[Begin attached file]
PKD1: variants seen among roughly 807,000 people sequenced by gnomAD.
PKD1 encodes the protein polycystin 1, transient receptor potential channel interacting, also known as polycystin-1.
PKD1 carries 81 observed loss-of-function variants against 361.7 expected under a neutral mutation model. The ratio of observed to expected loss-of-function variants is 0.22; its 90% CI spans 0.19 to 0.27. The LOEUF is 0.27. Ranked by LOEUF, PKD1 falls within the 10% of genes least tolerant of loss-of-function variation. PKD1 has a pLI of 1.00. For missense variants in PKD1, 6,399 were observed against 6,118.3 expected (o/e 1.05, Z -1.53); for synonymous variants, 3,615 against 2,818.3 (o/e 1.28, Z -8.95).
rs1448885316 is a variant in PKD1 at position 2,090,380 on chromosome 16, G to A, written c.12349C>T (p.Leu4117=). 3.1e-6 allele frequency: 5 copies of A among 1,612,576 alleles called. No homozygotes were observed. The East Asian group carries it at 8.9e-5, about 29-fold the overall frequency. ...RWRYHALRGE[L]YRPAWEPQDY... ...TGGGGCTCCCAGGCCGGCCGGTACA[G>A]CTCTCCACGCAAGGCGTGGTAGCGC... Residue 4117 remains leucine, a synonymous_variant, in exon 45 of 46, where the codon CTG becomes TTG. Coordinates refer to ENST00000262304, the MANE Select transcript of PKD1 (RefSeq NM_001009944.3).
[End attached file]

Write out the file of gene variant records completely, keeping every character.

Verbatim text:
PKD1: variants seen among roughly 807,000 people sequenced by gnomAD.
PKD1 encodes the protein polycystin 1, transient receptor potential channel interacting, also known as polycystin-1.
PKD1 carries 81 observed loss-of-function variants against 361.7 expected under a neutral mutation model. The ratio of observed to expected loss-of-function variants is 0.22; its 90% CI spans 0.19 to 0.27. The LOEUF is 0.27. Ranked by LOEUF, PKD1 falls within the 10% of genes least tolerant of loss-of-function variation. PKD1 has a pLI of 1.00. For missense variants in PKD1, 6,399 were observed against 6,118.3 expected (o/e 1.05, Z -1.53); for synonymous variants, 3,615 against 2,818.3 (o/e 1.28, Z -8.95).
rs1448885316 is a variant in PKD1 at position 2,090,380 on chromosome 16, G to A, written c.12349C>T (p.Leu4117=). 3.1e-6 allele frequency: 5 copies of A among 1,612,576 alleles called. No homozygotes were observed. The East Asian group carries it at 8.9e-5, about 29-fold the overall frequency. ...RWRYHALRGE[L]YRPAWEPQDY... ...TGGGGCTCCCAGGCCGGCCGGTACA[G>A]CTCTCCACGCAAGGCGTGGTAGCGC... Residue 4117 remains leucine, a synonymous_variant, in exon 45 of 46, where the codon CTG becomes TTG. Coordinates refer to ENST00000262304, the MANE Select transcript of PKD1 (RefSeq NM_001009944.3).